- Why the Isle of Wight’s high streets could become the best in England - 7th June, 2021
- Squirrels don’t owe you anything - 29th March, 2021
- The great wall of Ryde - 23rd February, 2021
Today The Ranger attended a seminar across the water in Winchester, to talk about the biodiversity of Hampshire. Of particular interest were some of the obiter remarks by Merrick Denton-Thompson, former Hampshire County Council countryside planning supremo and a recently-appointed member of the Natural England board.
Mmm, nice logo
Merrick prudently prefaced his presentation with the proviso that it was only his personal views, and not any official statement. It’s always dangerous to read too much into off-the-cuff remarks but it is true that at present any colour smoke from the chimney of Natural England is of interest, as many in the industry, like The Ranger, are watching with great interest to see the deeds as well as the words, and maybe divine which way the new organisation will jump, or indeed, whether it will just sink to its knees. The Ranger cadged a pencil from a colleague and scribbled on the back of the agenda two of the more striking things that Merrick said.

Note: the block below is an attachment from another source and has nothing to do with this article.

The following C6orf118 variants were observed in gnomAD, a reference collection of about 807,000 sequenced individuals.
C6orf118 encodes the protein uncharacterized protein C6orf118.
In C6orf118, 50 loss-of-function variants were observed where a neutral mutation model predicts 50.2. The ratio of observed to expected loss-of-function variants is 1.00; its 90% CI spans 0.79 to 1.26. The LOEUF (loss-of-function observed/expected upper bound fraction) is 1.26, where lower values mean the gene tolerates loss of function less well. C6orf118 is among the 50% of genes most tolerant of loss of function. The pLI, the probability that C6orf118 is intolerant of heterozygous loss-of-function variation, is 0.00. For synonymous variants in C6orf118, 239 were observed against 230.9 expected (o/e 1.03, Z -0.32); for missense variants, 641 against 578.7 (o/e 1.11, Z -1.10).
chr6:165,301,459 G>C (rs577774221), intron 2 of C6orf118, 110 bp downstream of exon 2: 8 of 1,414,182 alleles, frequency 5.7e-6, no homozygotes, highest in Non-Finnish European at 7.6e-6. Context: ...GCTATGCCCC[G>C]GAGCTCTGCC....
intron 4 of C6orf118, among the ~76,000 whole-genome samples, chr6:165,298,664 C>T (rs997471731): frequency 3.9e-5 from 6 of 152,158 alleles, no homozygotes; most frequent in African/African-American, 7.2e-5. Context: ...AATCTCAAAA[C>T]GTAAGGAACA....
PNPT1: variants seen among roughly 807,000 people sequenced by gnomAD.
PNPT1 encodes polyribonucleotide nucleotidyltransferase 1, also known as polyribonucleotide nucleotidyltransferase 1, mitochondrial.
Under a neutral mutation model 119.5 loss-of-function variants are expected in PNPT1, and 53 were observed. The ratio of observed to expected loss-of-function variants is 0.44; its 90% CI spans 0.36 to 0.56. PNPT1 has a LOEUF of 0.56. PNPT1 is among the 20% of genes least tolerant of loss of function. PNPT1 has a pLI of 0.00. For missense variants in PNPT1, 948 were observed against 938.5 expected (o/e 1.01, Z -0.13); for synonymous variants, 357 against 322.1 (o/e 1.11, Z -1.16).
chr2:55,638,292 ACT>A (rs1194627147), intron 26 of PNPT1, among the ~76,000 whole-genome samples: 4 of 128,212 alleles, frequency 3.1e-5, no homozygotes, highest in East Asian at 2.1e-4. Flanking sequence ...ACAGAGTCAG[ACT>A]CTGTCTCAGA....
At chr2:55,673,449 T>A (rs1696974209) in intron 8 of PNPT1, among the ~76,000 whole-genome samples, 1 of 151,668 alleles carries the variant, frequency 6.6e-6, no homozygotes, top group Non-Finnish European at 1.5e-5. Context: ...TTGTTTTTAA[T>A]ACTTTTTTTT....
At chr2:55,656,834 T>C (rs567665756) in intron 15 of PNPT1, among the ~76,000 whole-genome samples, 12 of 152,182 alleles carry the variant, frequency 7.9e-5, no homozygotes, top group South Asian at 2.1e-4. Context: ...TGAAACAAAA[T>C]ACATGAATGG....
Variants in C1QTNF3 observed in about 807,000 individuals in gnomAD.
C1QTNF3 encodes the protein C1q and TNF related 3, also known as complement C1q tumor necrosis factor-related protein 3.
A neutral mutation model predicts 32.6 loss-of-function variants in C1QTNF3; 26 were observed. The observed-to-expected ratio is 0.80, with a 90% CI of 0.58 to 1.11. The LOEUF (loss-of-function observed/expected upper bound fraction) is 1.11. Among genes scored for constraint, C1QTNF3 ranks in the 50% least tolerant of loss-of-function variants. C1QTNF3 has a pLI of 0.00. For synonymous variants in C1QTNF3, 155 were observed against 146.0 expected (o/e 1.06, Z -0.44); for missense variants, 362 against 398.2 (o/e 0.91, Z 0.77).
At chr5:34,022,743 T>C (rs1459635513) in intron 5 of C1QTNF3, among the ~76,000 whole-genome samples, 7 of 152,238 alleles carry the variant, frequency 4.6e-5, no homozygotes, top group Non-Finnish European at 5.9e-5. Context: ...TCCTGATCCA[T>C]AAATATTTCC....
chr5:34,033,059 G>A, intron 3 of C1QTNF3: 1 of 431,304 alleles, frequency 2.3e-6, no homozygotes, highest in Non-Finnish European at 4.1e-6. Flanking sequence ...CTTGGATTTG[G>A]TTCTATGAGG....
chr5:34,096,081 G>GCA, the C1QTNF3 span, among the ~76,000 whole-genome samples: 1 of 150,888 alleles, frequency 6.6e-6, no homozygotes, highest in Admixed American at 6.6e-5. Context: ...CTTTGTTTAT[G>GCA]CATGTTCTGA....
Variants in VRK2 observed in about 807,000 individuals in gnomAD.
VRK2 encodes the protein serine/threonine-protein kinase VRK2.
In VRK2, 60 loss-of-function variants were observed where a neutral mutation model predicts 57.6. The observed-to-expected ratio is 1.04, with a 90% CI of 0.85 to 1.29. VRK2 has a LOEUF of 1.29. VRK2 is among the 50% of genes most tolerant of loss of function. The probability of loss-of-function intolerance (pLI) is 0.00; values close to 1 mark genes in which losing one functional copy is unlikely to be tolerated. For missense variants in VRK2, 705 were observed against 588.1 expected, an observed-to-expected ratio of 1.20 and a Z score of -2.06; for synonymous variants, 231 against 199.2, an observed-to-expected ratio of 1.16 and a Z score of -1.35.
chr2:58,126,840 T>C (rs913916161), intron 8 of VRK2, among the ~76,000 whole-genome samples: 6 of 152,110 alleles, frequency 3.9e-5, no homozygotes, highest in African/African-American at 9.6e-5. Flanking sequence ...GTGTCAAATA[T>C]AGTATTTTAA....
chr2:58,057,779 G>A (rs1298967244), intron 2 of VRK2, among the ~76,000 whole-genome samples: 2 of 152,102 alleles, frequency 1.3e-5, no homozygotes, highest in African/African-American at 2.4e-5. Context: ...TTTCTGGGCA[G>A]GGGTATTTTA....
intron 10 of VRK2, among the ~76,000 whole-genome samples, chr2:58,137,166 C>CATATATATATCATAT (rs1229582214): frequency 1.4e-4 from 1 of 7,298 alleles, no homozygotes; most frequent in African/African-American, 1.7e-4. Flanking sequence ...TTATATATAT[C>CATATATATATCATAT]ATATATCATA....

Natural England needs to be locally accountable through existing local democratic arrangements. It is not good enough to be just accountable to the Secretary-of-State.
This is an interesting proposal – and one to be expected from a time-served local authority man. However, it might have considerable merit if implemented properly. The Ranger would suggest that the Environment Agency’s sometimes impotent Area Environment Group arrangements are not a good model to follow. He hopes that Merrick has in mind a more rigorous scrutiny arrangement.
We have got to do something about public perception of the environment. English Nature hadn’t found the right ingredient to really spark public interest. They forgot that the public is our prime customer. We’re going to have to make that connection between town and country.
That was an assertion that this ranger found quite exciting. Admitting the problem is a big step forward. EN really didn’t crack this one, despite some heroic efforts – Local Nature Reserves, for example – and never actually looked as if they were going to. Merrick went on to identify the BBC Breathing Places campaign as a key example of what he meant by this. And lo, on the Natural England press release list today is a press release called “A Natural Health Service” talking about just that. Maybe this new organisation really could be doing something.